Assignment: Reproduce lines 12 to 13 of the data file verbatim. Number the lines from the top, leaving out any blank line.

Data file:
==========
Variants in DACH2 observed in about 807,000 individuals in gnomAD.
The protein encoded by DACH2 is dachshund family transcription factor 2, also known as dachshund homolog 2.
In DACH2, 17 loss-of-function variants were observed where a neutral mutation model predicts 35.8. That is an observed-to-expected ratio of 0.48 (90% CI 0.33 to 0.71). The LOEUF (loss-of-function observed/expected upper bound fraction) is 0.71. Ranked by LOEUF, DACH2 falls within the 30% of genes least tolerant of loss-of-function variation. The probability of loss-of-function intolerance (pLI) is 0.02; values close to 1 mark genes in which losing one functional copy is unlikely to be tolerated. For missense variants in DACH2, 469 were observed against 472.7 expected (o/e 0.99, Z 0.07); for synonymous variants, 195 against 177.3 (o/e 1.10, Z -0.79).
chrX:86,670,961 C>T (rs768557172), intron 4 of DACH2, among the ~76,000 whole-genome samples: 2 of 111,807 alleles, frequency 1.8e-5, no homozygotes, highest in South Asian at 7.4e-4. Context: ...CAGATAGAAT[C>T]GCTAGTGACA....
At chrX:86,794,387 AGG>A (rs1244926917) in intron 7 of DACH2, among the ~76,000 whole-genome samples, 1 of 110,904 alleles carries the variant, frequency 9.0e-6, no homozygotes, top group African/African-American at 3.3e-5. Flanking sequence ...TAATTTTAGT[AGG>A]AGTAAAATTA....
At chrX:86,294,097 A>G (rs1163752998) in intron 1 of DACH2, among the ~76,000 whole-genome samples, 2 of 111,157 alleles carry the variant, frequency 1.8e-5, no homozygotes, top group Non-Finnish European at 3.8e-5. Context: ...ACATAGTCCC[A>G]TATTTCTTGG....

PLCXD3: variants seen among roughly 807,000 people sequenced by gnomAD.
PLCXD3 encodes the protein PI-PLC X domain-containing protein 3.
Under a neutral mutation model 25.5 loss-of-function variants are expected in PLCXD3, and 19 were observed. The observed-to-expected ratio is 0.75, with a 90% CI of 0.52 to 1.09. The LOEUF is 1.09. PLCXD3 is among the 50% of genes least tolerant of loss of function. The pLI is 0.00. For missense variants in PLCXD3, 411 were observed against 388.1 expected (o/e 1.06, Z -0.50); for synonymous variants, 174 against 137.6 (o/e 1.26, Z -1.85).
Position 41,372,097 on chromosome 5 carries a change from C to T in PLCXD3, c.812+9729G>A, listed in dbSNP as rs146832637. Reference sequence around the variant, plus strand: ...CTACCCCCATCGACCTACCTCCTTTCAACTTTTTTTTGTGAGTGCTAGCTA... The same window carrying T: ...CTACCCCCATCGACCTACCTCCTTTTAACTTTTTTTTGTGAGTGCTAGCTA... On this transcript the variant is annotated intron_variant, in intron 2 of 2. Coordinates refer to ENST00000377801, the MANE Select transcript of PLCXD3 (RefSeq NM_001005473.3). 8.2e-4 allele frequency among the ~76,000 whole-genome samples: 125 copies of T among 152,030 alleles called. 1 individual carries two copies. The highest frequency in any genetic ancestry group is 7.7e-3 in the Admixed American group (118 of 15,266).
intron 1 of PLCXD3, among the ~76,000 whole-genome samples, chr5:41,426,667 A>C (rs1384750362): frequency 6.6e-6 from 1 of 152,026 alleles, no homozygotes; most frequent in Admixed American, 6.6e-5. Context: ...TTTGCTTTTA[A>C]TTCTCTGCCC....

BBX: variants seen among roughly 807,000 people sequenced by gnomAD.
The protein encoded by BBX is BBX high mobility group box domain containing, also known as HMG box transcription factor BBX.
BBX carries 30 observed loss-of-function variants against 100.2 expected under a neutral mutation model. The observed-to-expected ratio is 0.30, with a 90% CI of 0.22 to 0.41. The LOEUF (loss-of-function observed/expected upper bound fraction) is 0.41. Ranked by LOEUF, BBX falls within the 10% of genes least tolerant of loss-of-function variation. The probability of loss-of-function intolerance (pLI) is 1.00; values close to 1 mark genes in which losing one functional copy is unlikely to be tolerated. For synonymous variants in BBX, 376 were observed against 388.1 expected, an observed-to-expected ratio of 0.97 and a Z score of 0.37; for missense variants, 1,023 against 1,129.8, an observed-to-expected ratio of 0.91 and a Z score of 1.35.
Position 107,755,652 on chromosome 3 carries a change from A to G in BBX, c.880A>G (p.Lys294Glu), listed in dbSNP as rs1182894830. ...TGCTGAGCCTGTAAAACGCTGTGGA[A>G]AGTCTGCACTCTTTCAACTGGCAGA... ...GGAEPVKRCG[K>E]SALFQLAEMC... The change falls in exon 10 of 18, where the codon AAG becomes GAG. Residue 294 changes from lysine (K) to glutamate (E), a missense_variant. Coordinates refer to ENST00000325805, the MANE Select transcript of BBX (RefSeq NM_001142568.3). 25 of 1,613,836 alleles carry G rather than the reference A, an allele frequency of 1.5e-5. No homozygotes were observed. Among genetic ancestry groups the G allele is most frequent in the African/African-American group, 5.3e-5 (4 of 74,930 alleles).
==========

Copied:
BBX: variants seen among roughly 807,000 people sequenced by gnomAD.
The protein encoded by BBX is BBX high mobility group box domain containing, also known as HMG box transcription factor BBX.